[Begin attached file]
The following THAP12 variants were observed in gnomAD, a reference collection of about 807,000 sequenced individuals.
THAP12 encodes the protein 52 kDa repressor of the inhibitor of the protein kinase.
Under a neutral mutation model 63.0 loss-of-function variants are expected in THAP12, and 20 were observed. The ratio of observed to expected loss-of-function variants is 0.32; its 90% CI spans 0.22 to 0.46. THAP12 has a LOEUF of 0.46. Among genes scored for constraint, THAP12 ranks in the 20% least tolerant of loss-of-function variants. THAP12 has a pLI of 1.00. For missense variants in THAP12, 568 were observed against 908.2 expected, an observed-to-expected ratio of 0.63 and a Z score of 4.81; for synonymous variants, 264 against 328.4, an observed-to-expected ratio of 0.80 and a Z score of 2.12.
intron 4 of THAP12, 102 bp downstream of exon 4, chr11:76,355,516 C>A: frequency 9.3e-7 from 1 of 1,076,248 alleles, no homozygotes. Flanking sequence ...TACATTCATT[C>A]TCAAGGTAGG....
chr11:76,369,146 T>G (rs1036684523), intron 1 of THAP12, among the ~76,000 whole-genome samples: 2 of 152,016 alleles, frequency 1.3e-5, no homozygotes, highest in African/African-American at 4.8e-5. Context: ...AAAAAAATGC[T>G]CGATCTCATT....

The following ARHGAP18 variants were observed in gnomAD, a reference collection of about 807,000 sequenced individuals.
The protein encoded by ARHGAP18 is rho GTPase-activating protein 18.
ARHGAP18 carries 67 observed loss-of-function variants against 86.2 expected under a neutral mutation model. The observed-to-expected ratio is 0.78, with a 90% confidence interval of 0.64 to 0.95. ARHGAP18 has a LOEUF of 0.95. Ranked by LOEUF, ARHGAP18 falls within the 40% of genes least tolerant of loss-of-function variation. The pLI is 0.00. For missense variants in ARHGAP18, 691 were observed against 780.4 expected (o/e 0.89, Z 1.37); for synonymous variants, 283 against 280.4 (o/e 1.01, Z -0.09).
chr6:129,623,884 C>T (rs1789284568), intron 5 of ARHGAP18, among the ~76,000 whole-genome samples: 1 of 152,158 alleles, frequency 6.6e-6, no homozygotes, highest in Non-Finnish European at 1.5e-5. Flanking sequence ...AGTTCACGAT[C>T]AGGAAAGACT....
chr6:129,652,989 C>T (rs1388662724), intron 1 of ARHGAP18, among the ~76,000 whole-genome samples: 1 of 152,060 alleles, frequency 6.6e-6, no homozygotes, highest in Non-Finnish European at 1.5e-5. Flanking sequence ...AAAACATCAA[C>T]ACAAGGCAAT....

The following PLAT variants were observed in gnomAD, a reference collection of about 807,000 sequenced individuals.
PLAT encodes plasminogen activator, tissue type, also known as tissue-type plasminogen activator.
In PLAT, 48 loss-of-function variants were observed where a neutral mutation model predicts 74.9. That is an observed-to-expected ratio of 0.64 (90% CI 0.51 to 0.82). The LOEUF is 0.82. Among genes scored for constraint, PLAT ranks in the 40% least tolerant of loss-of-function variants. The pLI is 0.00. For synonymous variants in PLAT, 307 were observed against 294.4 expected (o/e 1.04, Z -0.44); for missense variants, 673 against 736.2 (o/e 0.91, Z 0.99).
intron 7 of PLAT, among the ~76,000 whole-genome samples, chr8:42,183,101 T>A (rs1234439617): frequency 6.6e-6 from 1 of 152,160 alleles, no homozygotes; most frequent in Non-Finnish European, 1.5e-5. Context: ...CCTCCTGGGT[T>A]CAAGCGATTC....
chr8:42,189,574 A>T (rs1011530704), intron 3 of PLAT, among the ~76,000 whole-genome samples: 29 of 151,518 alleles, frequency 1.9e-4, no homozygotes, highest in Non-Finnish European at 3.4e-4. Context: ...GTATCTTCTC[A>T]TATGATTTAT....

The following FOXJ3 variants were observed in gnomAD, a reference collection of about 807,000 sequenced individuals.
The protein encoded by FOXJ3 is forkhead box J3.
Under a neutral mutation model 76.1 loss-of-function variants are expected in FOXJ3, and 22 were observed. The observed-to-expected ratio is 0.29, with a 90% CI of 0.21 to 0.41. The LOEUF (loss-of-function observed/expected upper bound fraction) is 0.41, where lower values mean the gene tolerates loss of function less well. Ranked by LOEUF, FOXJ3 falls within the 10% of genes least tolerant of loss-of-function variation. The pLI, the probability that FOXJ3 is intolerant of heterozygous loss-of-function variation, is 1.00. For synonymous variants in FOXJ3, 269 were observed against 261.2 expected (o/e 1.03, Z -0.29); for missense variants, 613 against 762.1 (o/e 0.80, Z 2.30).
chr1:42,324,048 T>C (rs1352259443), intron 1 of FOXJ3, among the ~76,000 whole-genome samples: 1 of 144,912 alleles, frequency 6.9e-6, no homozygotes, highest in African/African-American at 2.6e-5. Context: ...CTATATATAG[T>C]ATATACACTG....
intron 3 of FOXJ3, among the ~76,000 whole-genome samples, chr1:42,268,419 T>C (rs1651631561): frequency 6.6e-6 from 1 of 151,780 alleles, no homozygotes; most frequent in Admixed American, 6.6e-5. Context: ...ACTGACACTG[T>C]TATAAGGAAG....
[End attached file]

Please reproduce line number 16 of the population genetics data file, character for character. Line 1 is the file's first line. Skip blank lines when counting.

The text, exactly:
The following FOXJ3 variants were observed in gnomAD, a reference collection of about 807,000 sequenced individuals.